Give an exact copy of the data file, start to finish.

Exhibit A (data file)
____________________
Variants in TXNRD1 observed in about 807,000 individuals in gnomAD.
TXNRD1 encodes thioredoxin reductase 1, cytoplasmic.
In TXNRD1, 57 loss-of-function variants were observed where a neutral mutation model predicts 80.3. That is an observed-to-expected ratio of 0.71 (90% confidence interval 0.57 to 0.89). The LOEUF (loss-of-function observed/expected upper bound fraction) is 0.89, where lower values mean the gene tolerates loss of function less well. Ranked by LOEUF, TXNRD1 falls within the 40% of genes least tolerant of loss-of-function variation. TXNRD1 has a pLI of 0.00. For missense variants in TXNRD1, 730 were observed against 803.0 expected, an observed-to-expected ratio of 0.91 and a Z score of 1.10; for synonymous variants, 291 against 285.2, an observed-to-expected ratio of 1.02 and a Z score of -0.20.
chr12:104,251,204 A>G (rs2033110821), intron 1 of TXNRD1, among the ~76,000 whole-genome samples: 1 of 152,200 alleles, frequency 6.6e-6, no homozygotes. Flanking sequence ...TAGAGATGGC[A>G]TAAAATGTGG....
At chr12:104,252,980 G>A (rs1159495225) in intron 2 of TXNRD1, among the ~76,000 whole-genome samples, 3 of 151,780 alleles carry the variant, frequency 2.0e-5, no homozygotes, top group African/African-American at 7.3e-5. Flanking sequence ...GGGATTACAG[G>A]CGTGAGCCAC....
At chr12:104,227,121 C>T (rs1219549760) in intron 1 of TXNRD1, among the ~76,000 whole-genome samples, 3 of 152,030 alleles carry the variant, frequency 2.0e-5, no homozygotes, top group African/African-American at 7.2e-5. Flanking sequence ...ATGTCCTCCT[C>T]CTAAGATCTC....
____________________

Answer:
Variants in TXNRD1 observed in about 807,000 individuals in gnomAD.
TXNRD1 encodes thioredoxin reductase 1, cytoplasmic.
In TXNRD1, 57 loss-of-function variants were observed where a neutral mutation model predicts 80.3. That is an observed-to-expected ratio of 0.71 (90% confidence interval 0.57 to 0.89). The LOEUF (loss-of-function observed/expected upper bound fraction) is 0.89, where lower values mean the gene tolerates loss of function less well. Ranked by LOEUF, TXNRD1 falls within the 40% of genes least tolerant of loss-of-function variation. TXNRD1 has a pLI of 0.00. For missense variants in TXNRD1, 730 were observed against 803.0 expected, an observed-to-expected ratio of 0.91 and a Z score of 1.10; for synonymous variants, 291 against 285.2, an observed-to-expected ratio of 1.02 and a Z score of -0.20.
chr12:104,251,204 A>G (rs2033110821), intron 1 of TXNRD1, among the ~76,000 whole-genome samples: 1 of 152,200 alleles, frequency 6.6e-6, no homozygotes. Flanking sequence ...TAGAGATGGC[A>G]TAAAATGTGG....
At chr12:104,252,980 G>A (rs1159495225) in intron 2 of TXNRD1, among the ~76,000 whole-genome samples, 3 of 151,780 alleles carry the variant, frequency 2.0e-5, no homozygotes, top group African/African-American at 7.3e-5. Flanking sequence ...GGGATTACAG[G>A]CGTGAGCCAC....
At chr12:104,227,121 C>T (rs1219549760) in intron 1 of TXNRD1, among the ~76,000 whole-genome samples, 3 of 152,030 alleles carry the variant, frequency 2.0e-5, no homozygotes, top group African/African-American at 7.2e-5. Flanking sequence ...ATGTCCTCCT[C>T]CTAAGATCTC....